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[*With update at bottom]

By now Americans are virtually numb from the barrage of scandals under Obama’s watch.

But before presuming to know the situation with the AP Scandal, think again. Yesterday on Hugh Hewitt’s radio show Congressman Devin Nunes dropped a bombshell asserting with complete surety that DOJ seized the phone records of  the US House of Representatives’ Cloak Room. Can you say Separation of Powers?

Here is the exchange between Hugh Hewitt and Rep. Nunes:

HH: The idea that this might be a Geithner-Axelrod plan, and by that, the sort of intimation, Henry II style, will no one rid me of this turbulent priest, will no one rid me of these turbulent Tea Parties, that might have just been a hint, a shift of an eyebrow, a change in the tone of voice. That’s going to take a long time to get to. I don’t trust the Department of Justice on this. Do you, Congressman Nunes?

DN: No, I absolutely do not, especially after this wiretapping incident, essentially, of the House of Representative. I don’t think people are focusing on the right thing when they talk about going after the AP reporters. The big problem that I see is that they actually tapped right where I’m sitting right now, the Cloak Room.

HH: Wait a minute, this is news to me.

DN: The Cloak Room in the House of Representatives.

HH: I have no idea what you’re talking about.

DN: So when they went after the AP reporters, right? Went after all of their phone records, they went after the phone records, including right up here in the House Gallery, right up from where I’m sitting right now. So you have a real separation of powers issue that did this really rise to the level that you would have to get phone records that would, that would most likely include members of Congress, because as you know…

HH: Wow.

DN: …members of Congress talk to the press all the time.

HH: I did not know that, and that is a stunner.

DN: Now that is a separation of powers issue here, Hugh.

HH: Sure.

DN: And it’s a freedom of press issue. And now you’ve got the IRS going after people. So these things are starting to cascade one upon the other, and you have the White House pretending like they’re in the clouds like it’s not their issue somehow.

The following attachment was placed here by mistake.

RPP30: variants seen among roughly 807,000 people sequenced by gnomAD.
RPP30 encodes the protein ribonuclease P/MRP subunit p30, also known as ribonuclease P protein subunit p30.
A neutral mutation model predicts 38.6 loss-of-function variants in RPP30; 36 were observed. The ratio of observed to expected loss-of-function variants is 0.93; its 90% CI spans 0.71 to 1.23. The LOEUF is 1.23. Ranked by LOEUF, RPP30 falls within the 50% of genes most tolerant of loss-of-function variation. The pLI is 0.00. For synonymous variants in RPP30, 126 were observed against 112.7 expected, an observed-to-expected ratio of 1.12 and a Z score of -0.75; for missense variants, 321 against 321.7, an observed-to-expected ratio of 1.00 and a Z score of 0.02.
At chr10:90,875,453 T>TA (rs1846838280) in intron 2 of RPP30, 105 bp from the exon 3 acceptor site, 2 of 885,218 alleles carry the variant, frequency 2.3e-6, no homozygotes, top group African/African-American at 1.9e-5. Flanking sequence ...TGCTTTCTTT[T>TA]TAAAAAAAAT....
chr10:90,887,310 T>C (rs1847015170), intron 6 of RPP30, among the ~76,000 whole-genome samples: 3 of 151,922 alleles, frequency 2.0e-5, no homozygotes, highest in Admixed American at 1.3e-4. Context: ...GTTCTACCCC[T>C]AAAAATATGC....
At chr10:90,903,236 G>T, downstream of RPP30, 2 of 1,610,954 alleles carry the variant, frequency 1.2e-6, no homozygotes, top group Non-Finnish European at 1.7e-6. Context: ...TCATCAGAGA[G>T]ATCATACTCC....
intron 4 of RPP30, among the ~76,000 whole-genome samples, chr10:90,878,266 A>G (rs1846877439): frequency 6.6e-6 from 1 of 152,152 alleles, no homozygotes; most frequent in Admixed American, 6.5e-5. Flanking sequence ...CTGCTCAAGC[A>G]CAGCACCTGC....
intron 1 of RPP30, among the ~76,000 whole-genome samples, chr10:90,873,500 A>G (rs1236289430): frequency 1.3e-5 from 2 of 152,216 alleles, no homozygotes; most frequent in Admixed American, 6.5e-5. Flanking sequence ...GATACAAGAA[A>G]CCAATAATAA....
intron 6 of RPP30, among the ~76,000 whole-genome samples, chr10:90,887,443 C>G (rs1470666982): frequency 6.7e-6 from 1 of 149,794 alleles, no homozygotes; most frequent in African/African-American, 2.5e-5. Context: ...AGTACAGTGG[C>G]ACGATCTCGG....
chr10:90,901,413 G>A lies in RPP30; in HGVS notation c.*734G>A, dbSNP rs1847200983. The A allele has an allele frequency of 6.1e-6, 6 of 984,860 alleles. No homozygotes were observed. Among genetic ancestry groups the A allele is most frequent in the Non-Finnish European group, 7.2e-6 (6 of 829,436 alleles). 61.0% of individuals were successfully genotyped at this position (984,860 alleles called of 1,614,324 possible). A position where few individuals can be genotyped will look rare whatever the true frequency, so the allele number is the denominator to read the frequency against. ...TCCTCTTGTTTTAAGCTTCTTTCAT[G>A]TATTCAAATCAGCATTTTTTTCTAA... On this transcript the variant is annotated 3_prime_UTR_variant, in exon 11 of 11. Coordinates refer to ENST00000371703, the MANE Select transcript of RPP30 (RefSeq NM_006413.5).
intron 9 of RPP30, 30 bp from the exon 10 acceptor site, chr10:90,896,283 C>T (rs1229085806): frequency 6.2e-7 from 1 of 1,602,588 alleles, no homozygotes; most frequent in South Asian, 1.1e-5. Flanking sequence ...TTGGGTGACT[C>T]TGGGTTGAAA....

Shades of Watergate?

Hewitt alludes to that ’73 national scandal as he continues:

HH: Are you going so set aside a lot of time for hearings this summer? Is this a replay of the summer of 1973, Congressman Nunes, when we can turn on and expect a C-SPAN hearing to be on and to want to watch it?

DN: Well, I can assure you that I wasn’t around in 1973, Hugh.

HH: Oh, sure, play that card. DN: I was born in 1973.

HH: Sure, play that card, why don’t you, Congressman Nunes. Make me feel old. I’m 57. I remember it well. But I was in high school. But I hope you do it again. That’s what we need.

DN: Well, my mother claims that that’s why I went into politics, because the whole time she was pregnant, that’s all she watched.

HH: Oh, that’s just brutal. We’re not ever having you back. Congressman Devin Nunes from California’s 22nd Congressional district, thank you, Congressman. Good luck. Just block off July and August, and bring in the C-SPAN cameras.

How important is the Cloak Room?

The United States Congress‘ cloakrooms are how the parties interact with the member of Congress while they are on the floor, and are used by both the Senate and the House of Representatives. The cloakrooms serve as a place for members to socialize, eat, and take naps without leaving the building.[2] These rooms are closed to all except for Senators and Representatives, and a few of their trusted staffers, and even have their own phone numbers.

So, wrap your head around this: AG Holder’s Department of Justice is seizing the phone records of the sacrosanct US House of Representatives Cloak Room. This. Is. Huge.



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